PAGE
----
Architecture & Design, Banking & Finance, and Construction

Whitewater agreement has first amendment

Resolution provides clarity on city’s financial commitment over next five fiscal years.

November 15, 2019
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The agreement between the city of Grand Rapids and Grand Rapids Whitewater for the Grand River restoration project has its first amendment.

The city commission last week approved a resolution to provide clarity on the city’s financial commitment to the project — $2 million in capital investments over the next five fiscal years — and reflect current conditions. The amendment also allows the city to hire third-party consultants as needed to facilitate the completion of key components of the project. The changes earlier were approved by GRWW.

The original agreement, approved in April, established a working partnership between the city and GRWW for the purpose of delivering the river restoration project envisioned by GRWW in collaboration with many public and private partners.

The city commission also approved an amendment to the agreement between the city, GRWW, the Great Lakes Fishery Commission and the U.S. Fish and Wildlife Service for an adjustable hydraulic structure as part of the river restoration project. The agreement was first established in May.

According to previous Business Journal reports, the adjustable hydraulic structure is intended to serve as a buffer against sea lampreys, which are an invasive species hostile to Great Lakes fish. Currently, the Sixth Street Dam provides protection from the predator, but the dam must be removed, and the hydraulic structure is expected to be more efficient in controlling the lampreys and require less maintenance.

The amendment firstly clarifies responsibility for the design, permitting and development of in-river recreation features in the upper reach of the river project from Bridge Street to Ann Street.

The amendment also requires a joint permit application to be submitted that includes the in-river recreation features and the adjustable hydraulic structure; defines responsibility for financing and construction of the in-river feature; and includes other technical amendments based on joint learning by the partners.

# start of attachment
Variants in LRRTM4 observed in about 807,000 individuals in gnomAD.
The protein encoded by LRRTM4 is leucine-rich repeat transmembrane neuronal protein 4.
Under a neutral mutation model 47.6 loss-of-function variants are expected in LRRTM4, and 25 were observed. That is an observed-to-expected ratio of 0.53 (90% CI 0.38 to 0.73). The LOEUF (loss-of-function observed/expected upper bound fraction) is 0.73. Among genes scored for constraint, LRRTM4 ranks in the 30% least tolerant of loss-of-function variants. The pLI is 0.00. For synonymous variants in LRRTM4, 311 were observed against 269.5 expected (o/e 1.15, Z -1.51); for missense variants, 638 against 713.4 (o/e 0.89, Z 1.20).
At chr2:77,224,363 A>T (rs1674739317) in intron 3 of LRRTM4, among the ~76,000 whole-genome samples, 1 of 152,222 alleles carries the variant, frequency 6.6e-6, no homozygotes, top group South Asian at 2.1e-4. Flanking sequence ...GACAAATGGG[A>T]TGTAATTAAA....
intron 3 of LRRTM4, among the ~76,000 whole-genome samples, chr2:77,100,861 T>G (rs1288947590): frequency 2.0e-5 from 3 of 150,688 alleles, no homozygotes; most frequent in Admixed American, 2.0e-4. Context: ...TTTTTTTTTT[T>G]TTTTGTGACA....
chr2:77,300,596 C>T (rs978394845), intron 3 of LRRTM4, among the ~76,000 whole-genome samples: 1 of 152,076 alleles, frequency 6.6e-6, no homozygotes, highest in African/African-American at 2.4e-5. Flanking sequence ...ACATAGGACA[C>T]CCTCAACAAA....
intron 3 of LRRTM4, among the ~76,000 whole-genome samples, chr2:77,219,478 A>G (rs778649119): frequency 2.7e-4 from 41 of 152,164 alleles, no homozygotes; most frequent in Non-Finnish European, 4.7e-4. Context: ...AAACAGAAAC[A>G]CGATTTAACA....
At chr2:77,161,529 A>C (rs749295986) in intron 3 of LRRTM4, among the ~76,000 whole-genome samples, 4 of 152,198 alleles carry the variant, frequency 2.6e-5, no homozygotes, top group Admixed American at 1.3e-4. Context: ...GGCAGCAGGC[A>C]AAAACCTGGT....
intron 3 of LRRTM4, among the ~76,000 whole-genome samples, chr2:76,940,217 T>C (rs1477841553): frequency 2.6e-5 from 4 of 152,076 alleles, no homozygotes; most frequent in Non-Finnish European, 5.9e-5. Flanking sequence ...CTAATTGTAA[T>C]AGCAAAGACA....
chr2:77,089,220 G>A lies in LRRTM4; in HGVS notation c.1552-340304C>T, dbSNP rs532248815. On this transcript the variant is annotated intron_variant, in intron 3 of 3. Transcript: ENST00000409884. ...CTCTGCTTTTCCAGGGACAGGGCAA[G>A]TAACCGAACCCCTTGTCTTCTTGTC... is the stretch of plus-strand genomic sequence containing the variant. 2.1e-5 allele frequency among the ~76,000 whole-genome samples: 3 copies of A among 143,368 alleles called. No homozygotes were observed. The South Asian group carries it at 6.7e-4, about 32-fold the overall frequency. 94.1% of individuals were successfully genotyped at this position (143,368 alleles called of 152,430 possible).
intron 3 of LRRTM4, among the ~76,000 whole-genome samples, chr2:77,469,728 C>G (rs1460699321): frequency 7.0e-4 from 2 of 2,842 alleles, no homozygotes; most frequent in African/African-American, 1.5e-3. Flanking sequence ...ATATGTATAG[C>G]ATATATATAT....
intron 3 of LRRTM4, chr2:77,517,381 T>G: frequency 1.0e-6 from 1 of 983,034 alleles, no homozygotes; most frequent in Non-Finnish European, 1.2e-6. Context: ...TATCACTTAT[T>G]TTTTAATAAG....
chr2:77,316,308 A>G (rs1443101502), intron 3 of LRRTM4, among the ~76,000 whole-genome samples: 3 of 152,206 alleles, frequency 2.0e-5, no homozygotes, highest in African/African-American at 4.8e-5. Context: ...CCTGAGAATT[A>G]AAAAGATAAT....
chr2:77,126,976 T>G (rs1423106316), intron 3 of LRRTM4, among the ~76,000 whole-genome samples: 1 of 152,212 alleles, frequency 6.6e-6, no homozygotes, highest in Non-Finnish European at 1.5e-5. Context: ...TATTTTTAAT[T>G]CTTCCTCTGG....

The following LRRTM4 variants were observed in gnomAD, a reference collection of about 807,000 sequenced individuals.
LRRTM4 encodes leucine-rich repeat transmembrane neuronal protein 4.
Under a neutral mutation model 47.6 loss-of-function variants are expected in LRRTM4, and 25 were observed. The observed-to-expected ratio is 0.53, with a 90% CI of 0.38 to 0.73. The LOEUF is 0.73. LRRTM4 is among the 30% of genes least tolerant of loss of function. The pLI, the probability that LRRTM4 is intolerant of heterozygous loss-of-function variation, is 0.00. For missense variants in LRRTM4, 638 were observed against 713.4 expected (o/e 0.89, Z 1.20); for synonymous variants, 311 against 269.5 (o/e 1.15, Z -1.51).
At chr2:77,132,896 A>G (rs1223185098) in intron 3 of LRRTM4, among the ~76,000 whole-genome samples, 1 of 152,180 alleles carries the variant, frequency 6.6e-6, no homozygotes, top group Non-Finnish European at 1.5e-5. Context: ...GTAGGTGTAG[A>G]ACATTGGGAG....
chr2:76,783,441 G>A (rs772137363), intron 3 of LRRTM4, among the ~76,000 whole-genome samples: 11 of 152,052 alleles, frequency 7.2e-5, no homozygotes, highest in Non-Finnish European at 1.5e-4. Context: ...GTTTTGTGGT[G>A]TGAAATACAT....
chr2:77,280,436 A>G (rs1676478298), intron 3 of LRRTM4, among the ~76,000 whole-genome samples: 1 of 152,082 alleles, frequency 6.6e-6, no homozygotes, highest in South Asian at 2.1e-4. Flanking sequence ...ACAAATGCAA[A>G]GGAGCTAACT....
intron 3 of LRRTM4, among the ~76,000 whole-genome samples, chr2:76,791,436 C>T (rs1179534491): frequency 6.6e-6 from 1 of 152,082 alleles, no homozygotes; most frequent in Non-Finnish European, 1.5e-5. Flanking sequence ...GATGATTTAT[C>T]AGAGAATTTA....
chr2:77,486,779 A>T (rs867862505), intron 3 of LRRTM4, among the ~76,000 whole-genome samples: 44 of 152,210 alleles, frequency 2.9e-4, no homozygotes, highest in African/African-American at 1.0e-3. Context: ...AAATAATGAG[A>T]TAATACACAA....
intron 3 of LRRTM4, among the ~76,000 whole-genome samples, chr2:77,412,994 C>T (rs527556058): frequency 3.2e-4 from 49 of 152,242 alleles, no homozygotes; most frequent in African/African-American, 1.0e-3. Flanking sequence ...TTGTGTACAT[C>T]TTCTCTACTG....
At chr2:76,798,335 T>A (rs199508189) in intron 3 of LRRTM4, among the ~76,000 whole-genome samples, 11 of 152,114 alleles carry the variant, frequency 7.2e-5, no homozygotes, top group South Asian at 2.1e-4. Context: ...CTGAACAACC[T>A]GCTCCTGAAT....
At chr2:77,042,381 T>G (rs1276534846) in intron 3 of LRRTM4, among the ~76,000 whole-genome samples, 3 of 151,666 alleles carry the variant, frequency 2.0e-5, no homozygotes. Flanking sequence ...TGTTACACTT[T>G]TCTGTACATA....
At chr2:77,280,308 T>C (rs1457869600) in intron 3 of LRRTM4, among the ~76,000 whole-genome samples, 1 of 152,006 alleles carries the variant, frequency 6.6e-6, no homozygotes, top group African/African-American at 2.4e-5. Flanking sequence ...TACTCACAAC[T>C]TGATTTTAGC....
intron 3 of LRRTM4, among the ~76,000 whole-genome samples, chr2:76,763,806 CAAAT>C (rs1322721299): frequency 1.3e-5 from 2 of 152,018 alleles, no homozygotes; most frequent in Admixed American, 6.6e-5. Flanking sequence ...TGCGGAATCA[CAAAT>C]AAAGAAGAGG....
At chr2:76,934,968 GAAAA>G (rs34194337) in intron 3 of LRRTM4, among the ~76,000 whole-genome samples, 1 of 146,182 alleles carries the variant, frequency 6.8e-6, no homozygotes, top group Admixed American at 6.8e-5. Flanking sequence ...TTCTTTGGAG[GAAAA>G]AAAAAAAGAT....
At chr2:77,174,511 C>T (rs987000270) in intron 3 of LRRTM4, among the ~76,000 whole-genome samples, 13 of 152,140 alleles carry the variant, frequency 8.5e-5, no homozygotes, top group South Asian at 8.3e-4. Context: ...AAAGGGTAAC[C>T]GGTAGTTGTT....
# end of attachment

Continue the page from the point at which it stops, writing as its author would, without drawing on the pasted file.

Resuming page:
South Division plan

In other business, the city commission also adopted the South Division Corridor Plan as an amendment to the city’s 2002 Master Plan.

The plan focuses on South Division Avenue from Wealthy Street to 28th Street, between Buchanan and Madison avenues, and intends development to focus particularly on helping the area’s low- and middle-income residents, according to previous Business Journal reports.

The South Division Corridor planning process has been underway since March 2017 and was led by an advisory group consisting of residents, business owners and other stakeholders. The plan identified five major principles in alignment with the city’s own master plan: community identity, development without displacement, economic opportunity, public health and transportation.

Improvement of The Rapid’s Silver Line bus route has been one focal point of the plan. Although the city invested in the rapid transit service several years ago, recent Business Journal reporting stated the investment has not spurred growth in the South Division Corridor. The potential for improving mobility and connectivity also includes improving infrastructure around bicycling, walking and driving.

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